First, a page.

Throughout non-mammilian vertebrates, the regeneration and recovery of hair cells that have sensory implications following damage has been observed; whereas mammalian hair cells tremendously lack this unique capability. Zebrafish, a non-mammalian vertebrate, is inherently capable of regenerating sensory hair cells, which exist within the organism’s ear as well as in its sensory lateral line system. Comprehension of the molecular basis of this unique capability has potential to define therapy for hearing loss in human beings. The focal point of our work and experimentation is the interneuromast chain of the lateral line system of the Zebrafish.
The lateral line is a mechanosensory system comprised of small sensory patches called neuromasts that are linked together by an interneuromast chain. Each sensory neuromast possesses hair cells extending their stereocillia beyond the epidermis where they may be deflected by water from which they can transduce external stimuli. These neuromast cells are directly supported by cells located beneath them called inner support cells as well as additional cells called mantle cells forming a ring around them. The mantle cells are particularly significant in that they may be involved in neuromast regeneration, and can be defined as multipotent progenitor cells of the lateral line system. Interestingly enough, mantle cells of the neuromasts at the tail-end of Zebrafish have been demonstrated to enter the cell cycle in their contribution to regeneration following amputation of the tail.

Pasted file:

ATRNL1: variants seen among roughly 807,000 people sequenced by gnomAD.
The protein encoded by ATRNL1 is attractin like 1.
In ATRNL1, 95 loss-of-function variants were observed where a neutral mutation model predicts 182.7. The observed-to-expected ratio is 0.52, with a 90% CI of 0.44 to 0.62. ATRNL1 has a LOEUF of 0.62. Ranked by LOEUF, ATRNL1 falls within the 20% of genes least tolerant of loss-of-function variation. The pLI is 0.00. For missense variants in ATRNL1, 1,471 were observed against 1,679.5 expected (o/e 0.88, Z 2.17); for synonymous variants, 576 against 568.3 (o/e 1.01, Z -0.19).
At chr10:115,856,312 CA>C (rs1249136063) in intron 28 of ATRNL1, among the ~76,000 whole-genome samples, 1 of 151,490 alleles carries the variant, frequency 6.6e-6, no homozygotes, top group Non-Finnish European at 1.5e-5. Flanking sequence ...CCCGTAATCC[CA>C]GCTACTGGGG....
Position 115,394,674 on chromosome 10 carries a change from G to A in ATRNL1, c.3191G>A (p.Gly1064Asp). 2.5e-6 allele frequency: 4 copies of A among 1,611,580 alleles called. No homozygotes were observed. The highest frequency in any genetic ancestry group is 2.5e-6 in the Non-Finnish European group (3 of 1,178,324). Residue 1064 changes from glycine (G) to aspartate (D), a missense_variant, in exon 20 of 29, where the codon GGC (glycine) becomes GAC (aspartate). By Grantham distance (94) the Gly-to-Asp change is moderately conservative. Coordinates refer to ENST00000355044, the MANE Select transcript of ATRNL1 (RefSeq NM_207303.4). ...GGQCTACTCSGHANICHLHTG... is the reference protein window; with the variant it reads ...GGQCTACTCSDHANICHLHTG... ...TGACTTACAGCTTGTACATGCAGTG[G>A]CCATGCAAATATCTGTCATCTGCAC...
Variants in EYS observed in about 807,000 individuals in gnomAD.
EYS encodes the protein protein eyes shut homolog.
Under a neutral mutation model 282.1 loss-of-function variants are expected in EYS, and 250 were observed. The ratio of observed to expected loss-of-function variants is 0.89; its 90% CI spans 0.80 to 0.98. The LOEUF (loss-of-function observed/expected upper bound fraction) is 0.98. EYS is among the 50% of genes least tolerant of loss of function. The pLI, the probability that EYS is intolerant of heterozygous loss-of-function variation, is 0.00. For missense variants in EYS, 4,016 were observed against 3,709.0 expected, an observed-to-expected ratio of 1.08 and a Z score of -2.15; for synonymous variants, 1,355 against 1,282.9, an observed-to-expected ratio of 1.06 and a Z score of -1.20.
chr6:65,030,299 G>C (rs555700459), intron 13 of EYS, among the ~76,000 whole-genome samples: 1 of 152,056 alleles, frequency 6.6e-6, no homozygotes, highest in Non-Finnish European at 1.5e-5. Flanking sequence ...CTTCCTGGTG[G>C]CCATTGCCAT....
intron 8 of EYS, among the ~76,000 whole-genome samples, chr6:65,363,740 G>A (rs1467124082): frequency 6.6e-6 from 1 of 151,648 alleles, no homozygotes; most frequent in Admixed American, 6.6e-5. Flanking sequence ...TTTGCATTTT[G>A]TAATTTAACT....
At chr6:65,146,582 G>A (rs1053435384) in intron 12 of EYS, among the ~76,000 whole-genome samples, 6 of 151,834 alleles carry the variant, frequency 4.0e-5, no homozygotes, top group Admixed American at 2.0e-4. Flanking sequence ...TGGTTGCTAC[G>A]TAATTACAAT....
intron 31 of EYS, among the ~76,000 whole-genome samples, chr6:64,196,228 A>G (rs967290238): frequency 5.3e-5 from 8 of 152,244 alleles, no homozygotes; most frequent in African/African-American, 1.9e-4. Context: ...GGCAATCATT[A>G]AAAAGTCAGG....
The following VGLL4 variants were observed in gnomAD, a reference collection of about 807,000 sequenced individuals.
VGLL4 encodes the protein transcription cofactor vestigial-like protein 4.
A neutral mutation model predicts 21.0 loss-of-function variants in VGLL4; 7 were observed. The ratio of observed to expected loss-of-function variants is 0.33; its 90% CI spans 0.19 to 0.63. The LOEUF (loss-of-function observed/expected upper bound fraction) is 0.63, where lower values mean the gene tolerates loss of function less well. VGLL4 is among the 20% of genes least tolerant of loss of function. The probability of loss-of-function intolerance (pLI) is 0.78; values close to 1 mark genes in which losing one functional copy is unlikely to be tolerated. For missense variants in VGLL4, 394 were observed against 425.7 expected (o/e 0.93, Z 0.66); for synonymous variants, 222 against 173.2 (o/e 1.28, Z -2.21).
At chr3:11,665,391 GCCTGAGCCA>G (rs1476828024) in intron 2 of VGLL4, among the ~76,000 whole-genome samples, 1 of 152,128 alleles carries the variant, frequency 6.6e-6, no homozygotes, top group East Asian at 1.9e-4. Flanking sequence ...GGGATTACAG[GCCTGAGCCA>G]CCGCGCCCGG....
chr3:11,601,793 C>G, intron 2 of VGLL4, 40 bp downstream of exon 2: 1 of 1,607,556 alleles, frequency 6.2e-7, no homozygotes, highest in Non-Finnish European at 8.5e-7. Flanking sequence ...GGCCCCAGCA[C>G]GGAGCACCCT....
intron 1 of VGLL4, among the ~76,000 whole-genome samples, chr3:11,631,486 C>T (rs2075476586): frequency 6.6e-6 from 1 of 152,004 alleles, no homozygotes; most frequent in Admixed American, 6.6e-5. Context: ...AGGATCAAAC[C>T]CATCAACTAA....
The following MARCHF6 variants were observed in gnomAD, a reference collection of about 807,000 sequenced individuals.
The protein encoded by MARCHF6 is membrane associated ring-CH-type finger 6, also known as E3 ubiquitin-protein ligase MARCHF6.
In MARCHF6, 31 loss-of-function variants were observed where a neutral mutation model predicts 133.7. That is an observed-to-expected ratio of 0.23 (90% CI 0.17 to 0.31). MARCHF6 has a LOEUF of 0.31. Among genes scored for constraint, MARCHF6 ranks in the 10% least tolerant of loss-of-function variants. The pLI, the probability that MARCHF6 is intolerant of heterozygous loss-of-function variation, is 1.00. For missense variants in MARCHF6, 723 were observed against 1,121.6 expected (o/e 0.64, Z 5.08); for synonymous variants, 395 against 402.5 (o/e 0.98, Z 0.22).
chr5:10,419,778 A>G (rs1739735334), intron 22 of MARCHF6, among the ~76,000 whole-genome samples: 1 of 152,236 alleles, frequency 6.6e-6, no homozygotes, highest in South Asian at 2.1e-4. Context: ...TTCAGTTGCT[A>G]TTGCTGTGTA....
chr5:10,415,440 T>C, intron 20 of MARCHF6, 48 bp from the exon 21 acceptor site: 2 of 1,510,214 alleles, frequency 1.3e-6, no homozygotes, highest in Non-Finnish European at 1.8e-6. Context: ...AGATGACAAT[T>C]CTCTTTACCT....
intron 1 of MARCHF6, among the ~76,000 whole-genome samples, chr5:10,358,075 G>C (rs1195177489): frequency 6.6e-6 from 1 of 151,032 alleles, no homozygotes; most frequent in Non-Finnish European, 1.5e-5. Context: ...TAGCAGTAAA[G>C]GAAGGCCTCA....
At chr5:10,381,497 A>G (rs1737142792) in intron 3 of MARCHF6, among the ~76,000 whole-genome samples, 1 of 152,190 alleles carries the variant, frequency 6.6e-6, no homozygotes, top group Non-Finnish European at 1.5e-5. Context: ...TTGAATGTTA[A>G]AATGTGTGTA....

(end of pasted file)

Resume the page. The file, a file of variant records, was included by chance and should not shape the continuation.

In the First component of our experimentation, we set out to characterize the regenerative capacity of the interneuromast chain through the implementation of Confocal Microscopy. In the transgenic line of Zebrafish that we are using in this experiment, the interneuromast chain is reported upon by Green fluorescent protein. Being that the interneuromast chain is labeled with Green fluorescent protein, we can visualize it with ease under the Confocal Microscope. In addition to its purposes in effectually visualizing the interneuromast chain, we have been able to utilize the Confocal Microscope to conduct our ablation experiments. We have implemented the DAPI Laser of the Microscope to completely ablate the interneuromast chain; and the DAPI laser is set at a high energy wavelength of 405 nm at a laser power of 75%. Additionally, we allow the laser to annihilate the chain for exactly 60 seconds during each experimental trial.
The controls for our DAPI laser were determined over the course of several different experimental trials in which we previously struggled to optimize our controls. Following our ablations of the interneuromast chain, we have further conducted 24 hour Time Lapse experiments in an effort to capture the events following the interneuromast chain ablation. We have successfully captured 3 separate movies that portray complete interneuromast chain regeneration, and were able to characterize the gaps we created in terms of microns.
Throughout the course of September and into October, we encountered some adversity with regards to the mating behaviors of our Zebrafish in which there was absolutely no breeding. However, our luck turned around this past week and we had successful breeding. We were able to conduct an ablation experiment, and produced what appears to be the most impressive gap in the interneuromast chain created following ablation thus far. We are optimistic and excited to see what our 24 hour time lapse experiment reveals later this week.